The most notable differences in the power supply form factor versions is the change from 20 pin to the 24 pin main power connector. almost all new power supplies come with a 24 pin main power connector with a removable 4 pin module, allowing it backwards compatibility with 20 pin motherboards. If you decide to purchase an older power supply which does not have a 24 pin main power connector and you are using a newer motherboard which requires a 24 pin main power connector, there are plenty of adapters that allow you to change your older 20 pin main power connector into the newer 24 pin connector that are also conveniently very inexpensive.
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Another parameter to consider when choosing a power supply is how efficient it is. When a power supply is more efficient, it will use less power from the wall than one that is less efficient even if it produces the same amount of DC power. The obvious benefits of a more efficient power supply is a lower power bill, also, the difference in wattage is dissipated in heat, so a more efficient power supply runs cooler. This can be used to an advantage one of two ways. One: A power supply will last longer if it’s not exposed to prolonged temperatures. Two: A quiet fan can be installed because not as much air flow is required to cool a more efficient power supply. In regards to overclocking, having an efficient power supply helps immensely. Not only are efficient power supplies keeping temperatures down, they also supply voltages with typiclaly less noise. Most manufacturer's will put their power supplies efficiency in their specifications. One way power supply manufacturer's are creating more efficient power supplies are with the addition of PFC, or Power Factor Correction. Read on to learn about PFC and how it makes your power supply more efficient.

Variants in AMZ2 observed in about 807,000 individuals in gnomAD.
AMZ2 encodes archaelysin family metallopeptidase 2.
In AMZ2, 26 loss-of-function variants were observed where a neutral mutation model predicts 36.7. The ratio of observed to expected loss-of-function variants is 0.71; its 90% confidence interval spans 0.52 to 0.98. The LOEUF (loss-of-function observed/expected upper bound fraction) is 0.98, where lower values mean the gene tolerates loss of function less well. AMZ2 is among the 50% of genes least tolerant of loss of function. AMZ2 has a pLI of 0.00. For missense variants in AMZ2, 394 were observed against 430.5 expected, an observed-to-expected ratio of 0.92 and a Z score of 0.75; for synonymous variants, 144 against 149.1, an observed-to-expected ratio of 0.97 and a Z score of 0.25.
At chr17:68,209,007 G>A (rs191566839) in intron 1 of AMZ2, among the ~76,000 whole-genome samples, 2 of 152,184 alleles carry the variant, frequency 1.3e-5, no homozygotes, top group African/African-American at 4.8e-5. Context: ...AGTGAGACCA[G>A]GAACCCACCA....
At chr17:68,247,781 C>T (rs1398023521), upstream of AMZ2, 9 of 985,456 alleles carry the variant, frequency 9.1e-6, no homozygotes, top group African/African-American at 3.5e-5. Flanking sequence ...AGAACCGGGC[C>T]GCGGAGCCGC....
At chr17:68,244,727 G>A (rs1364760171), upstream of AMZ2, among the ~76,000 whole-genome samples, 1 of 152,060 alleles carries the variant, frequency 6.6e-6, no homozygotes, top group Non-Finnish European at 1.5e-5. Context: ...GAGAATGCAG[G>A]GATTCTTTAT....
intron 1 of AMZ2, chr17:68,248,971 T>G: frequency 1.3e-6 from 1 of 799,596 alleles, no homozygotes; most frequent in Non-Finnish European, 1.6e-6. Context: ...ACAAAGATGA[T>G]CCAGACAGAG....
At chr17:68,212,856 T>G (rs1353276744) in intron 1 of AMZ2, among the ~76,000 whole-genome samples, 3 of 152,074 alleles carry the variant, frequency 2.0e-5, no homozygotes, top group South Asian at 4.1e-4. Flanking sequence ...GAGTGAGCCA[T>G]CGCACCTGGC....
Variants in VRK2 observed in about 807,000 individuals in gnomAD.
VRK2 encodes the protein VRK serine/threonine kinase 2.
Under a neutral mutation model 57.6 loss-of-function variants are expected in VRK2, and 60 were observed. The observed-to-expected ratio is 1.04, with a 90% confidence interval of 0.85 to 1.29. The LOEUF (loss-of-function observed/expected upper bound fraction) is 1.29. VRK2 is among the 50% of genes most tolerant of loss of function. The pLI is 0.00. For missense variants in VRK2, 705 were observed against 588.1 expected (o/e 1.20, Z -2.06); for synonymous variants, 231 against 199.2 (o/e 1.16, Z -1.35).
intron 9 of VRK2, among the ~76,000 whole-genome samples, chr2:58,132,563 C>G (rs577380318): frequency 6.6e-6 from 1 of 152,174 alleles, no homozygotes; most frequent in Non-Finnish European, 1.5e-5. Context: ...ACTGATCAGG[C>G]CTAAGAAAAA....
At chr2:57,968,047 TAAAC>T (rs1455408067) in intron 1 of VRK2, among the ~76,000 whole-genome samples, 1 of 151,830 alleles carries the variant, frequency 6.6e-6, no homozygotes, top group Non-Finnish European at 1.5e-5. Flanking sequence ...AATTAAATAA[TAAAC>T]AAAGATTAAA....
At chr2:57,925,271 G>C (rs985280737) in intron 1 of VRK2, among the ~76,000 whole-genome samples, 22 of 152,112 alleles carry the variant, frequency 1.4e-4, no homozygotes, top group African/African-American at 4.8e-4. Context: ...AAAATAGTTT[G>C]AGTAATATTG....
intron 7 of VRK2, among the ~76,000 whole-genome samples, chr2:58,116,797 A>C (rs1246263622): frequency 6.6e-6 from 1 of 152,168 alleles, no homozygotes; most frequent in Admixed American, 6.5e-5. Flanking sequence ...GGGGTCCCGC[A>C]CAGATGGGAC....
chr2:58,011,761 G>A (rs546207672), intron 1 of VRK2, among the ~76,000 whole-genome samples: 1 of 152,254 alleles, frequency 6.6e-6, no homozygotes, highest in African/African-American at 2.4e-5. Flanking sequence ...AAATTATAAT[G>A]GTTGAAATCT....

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PFC (Power Factor Correction):